Beauty Pageants Draw Social Media Critics

“Miss America victory marred by racist slurs.” — Time, Sept. 16

Not since so-called “bra-burning” protests upended the 1968 Miss America contest have beauty pageants attracted so much controversy.

 

Last Sunday, the Miss America pageant crowned a 24-year-old of Indian descent, Nina Davuluri from Syracuse, which was seen as a sign of cultural progress until racist messages popped up on Twitter.

 

Those who had written off pageants as anachronisms of the tail-fin era suddenly found that the swimsuit-in-heels rituals were back in the cultural-wars cross-fire.

 

In the case of Miss America, no sooner had the glimmering crown been placed on Ms. Davuluri than the furor erupted.

 

 

 

 

“Congratulations Al Qaeda,” tweeted one user, @Blayne_MkItRain (the account has since been deleted). “Our Miss America is one of you.”

 

Bloggers were quickly compiling lists of the most inflammatory tweets, including a Buzzfeed listicle that generated more than five million views.

 

“Idiot racists got so mad, they started mixing up Indian, Indian-American, Arab, Muslim, and everything in between,” wrote Laura Beck on Jezebel, summarizing a collection of hate-tweets that she included in her post. “It’s (literarily) a most impressive display of dumb mixed with intolerance and even more stupidity.”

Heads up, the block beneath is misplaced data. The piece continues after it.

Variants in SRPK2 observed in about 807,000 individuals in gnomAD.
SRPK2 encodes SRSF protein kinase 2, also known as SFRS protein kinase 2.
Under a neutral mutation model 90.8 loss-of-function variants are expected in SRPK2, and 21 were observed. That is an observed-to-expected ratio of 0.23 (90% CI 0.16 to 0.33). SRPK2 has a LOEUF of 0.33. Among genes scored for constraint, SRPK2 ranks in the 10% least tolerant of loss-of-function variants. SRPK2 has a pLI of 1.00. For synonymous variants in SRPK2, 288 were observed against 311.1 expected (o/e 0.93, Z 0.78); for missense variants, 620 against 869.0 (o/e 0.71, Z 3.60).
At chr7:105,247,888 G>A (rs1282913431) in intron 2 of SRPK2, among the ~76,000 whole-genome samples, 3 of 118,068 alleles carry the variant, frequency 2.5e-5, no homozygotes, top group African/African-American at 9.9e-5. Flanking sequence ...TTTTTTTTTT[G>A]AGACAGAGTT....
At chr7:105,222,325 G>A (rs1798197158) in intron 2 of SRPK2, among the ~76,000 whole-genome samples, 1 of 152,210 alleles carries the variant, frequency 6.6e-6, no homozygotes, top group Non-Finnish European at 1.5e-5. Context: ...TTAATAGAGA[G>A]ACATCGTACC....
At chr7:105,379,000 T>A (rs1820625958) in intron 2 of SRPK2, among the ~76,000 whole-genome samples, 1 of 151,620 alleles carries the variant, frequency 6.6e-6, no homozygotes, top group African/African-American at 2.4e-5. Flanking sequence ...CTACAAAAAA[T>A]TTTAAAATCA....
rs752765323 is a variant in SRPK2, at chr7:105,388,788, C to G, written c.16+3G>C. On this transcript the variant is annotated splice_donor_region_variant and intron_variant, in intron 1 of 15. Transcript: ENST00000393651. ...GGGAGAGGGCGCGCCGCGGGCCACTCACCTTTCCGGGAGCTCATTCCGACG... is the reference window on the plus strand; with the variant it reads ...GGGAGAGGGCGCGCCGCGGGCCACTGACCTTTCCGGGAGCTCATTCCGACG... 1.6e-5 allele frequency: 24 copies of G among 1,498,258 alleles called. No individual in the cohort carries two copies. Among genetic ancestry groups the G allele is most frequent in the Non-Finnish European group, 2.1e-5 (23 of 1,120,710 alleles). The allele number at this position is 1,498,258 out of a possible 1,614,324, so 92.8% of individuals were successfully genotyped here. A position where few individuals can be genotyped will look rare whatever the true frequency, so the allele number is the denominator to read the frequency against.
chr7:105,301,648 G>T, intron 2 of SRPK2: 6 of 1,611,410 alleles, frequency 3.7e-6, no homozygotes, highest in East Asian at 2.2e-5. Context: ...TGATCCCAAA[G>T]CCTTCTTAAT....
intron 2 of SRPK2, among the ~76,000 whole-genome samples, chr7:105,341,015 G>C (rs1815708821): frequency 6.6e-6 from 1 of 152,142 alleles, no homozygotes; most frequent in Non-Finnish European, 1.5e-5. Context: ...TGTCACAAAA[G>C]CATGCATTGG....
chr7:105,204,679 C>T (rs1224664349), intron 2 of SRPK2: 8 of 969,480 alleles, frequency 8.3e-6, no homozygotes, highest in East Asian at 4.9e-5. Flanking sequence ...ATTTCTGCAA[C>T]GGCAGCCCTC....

The cultural relevance of pageants, it seems, only spikes whenever they can be dragged through the mud.

 

All the chatter on blogs and social media did not seem to hurt the show’s popularity. According to Nielsen, the ABC broadcast of the pageant, which crowned the winner for 2014, had its best ratings in nearly decade: it drew an average of 8.6 million viewers, a 21 percent increase compared with the contest for 2013, which was in January.

A House for Two Religions

24 October 2010

Last Sunday, the social project “72 Hours without Compromise” came to an end. 436 youths of different religious backgrounds participated in the project, which involved the construction of a tree house in the middle of the district of Lend, in Graz. For some of the youths it was a good chance to meet people of the same age, but of a different religious background. Nonetheless, as 18-year-old Markus said while sawing a board in half, “everyone has their own prayers, but when it comes to work there’s no difference.”